Newport's road network reflects the development pattern of the colonial era in which the city was established. Characteristic of this era, narrow streets form a grid network better suited for pedestrians and horse and buggy than the numerous automobiles of today. This compact layout however, is considered an essential element of Newport's desirability as a tourist destination and place of residence.
In addition to changes in modes of transportation, the Newport transportation system must accommodate a seasonal influx of visitors estimated at over three million annually. This influx results in extended travel times, increased noise, congestion, and pollution. Residents express dissatisfaction with the impact visitor traffic has on their community; however, the problem appears to be more systematic than inherent, and solutions involving reduced reliance on automobiles are being explored.
Newport's compact character is both a challenge to its transportation system and an advantage. Because of the close proximity of tourist destinations, commercial and recreational areas, and residences, Newport is predisposed to alternatives to automobile travel.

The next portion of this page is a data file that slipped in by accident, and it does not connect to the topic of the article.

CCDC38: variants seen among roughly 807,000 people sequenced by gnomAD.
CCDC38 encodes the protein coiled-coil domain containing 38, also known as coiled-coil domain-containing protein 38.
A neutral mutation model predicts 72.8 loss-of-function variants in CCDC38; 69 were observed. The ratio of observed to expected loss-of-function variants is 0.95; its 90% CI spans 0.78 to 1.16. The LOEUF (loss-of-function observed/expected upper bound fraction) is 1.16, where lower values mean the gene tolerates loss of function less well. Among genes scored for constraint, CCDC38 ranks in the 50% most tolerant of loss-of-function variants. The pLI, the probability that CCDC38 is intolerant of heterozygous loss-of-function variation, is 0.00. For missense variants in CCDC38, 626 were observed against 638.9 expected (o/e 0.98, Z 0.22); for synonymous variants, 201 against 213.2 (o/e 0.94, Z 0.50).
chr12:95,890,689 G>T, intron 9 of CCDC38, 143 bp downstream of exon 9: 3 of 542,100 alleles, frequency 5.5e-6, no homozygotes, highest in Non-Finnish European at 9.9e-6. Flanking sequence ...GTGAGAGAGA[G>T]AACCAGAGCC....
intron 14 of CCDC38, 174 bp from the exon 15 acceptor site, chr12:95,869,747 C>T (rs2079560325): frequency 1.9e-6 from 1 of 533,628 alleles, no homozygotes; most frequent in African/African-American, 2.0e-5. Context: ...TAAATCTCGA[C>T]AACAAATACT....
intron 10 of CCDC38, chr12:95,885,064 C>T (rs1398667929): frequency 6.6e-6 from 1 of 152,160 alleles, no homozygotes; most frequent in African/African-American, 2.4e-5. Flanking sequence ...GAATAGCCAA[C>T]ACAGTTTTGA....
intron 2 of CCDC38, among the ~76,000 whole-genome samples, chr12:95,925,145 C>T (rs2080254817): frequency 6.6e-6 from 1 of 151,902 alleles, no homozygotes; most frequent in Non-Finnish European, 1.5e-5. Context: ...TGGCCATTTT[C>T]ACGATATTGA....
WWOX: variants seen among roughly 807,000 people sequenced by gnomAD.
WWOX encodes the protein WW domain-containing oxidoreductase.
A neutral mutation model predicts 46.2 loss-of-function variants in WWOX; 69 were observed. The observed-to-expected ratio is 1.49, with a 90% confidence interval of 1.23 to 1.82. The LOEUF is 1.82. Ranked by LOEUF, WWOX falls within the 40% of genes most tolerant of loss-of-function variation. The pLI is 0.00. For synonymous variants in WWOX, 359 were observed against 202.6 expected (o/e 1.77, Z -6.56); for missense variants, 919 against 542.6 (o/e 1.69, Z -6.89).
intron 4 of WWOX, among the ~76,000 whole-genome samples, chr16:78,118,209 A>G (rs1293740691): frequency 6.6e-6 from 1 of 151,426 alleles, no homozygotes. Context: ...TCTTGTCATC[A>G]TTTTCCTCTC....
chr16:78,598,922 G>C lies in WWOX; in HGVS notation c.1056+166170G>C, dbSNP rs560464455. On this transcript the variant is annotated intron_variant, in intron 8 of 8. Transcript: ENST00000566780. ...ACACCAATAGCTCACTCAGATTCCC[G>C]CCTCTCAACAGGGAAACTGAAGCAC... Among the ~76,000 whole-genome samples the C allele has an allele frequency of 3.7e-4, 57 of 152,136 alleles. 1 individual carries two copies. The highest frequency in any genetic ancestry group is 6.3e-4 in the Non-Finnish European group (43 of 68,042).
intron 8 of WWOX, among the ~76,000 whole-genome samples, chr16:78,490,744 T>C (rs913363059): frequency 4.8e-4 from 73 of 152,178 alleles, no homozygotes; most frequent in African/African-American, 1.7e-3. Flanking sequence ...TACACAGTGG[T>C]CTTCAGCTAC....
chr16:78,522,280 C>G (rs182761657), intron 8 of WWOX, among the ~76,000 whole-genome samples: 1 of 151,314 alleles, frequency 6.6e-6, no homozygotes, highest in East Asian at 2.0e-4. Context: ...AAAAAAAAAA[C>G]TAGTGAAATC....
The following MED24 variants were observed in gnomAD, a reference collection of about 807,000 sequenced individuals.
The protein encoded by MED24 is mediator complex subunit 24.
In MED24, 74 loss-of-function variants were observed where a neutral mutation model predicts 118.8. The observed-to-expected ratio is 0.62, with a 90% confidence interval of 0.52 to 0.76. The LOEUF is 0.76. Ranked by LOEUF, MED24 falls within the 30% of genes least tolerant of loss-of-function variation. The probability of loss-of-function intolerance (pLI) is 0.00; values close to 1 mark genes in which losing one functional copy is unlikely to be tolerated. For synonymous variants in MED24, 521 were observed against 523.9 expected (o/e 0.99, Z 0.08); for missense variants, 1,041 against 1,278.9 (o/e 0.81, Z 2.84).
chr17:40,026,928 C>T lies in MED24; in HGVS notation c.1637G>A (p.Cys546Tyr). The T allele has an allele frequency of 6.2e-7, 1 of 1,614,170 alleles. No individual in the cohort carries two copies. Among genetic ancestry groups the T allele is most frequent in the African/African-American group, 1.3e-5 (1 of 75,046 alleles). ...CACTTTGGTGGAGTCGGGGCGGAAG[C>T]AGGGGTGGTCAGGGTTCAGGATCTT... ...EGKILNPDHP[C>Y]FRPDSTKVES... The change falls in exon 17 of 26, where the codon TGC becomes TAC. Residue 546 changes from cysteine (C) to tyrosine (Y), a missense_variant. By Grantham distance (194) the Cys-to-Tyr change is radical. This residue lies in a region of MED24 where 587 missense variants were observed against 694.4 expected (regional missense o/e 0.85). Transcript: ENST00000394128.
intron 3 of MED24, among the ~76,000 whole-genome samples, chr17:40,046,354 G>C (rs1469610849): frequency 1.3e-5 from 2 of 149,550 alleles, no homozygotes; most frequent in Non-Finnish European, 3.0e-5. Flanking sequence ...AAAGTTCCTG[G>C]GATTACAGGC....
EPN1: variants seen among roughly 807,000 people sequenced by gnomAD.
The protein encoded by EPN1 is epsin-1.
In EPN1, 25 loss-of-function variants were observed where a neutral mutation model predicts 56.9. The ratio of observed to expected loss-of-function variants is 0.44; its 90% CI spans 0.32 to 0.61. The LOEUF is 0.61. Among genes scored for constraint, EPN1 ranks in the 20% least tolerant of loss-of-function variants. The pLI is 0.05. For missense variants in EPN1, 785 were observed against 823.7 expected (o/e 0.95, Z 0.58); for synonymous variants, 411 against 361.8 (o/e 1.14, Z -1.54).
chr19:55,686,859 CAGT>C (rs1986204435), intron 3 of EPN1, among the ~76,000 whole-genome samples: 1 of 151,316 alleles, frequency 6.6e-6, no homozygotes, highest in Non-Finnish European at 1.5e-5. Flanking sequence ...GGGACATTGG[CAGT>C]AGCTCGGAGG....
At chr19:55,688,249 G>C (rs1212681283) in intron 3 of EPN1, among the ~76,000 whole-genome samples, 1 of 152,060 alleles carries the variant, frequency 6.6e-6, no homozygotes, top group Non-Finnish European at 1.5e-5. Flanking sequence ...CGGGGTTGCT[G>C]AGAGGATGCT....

Walking, biking, natural gas trolley, bus and ferry service, air transport and taxi's are all alternative means of transportation available to the public. Indeed, many incentives are offered to encourage visitors and residents to "park and ride". These include subsidized parking validation at the Gateway Visitor's Center when using RIPTA service: trolley, bus, etc.
Parking is one of the most contentious issues for Newport. There are approximately 5,000+ spaces available to the public in downtown Newport. With residents and businesses often sharing the same streets for parking, it is difficult to find an equitable balance of parking privileges.
In addition to on-street parking, many off-street parking lots are also available. These lots however, usually charge a fee for parking unlike many of the on-street spots. Parking meters have been installed along some of the most popular shopping streets, providing an incentive for visitors to park in visitor lots.